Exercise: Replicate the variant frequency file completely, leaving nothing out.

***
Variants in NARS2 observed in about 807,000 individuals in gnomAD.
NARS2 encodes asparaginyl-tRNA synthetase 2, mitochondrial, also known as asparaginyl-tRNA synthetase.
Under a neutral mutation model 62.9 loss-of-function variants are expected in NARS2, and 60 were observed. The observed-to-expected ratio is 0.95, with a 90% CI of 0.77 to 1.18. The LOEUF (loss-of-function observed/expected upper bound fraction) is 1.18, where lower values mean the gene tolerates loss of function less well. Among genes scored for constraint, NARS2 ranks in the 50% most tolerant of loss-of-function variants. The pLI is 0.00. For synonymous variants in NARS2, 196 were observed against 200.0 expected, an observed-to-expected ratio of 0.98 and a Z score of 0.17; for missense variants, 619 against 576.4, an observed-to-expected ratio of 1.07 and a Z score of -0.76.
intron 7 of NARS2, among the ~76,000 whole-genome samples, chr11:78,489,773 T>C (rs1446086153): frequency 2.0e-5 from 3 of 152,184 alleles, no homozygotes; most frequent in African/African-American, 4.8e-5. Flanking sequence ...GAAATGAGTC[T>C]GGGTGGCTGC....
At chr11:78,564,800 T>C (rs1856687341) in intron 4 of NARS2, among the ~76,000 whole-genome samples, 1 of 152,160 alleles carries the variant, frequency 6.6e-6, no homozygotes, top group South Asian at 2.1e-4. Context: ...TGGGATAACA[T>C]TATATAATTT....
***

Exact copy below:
Variants in NARS2 observed in about 807,000 individuals in gnomAD.
NARS2 encodes asparaginyl-tRNA synthetase 2, mitochondrial, also known as asparaginyl-tRNA synthetase.
Under a neutral mutation model 62.9 loss-of-function variants are expected in NARS2, and 60 were observed. The observed-to-expected ratio is 0.95, with a 90% CI of 0.77 to 1.18. The LOEUF (loss-of-function observed/expected upper bound fraction) is 1.18, where lower values mean the gene tolerates loss of function less well. Among genes scored for constraint, NARS2 ranks in the 50% most tolerant of loss-of-function variants. The pLI is 0.00. For synonymous variants in NARS2, 196 were observed against 200.0 expected, an observed-to-expected ratio of 0.98 and a Z score of 0.17; for missense variants, 619 against 576.4, an observed-to-expected ratio of 1.07 and a Z score of -0.76.
intron 7 of NARS2, among the ~76,000 whole-genome samples, chr11:78,489,773 T>C (rs1446086153): frequency 2.0e-5 from 3 of 152,184 alleles, no homozygotes; most frequent in African/African-American, 4.8e-5. Flanking sequence ...GAAATGAGTC[T>C]GGGTGGCTGC....
At chr11:78,564,800 T>C (rs1856687341) in intron 4 of NARS2, among the ~76,000 whole-genome samples, 1 of 152,160 alleles carries the variant, frequency 6.6e-6, no homozygotes, top group South Asian at 2.1e-4. Context: ...TGGGATAACA[T>C]TATATAATTT....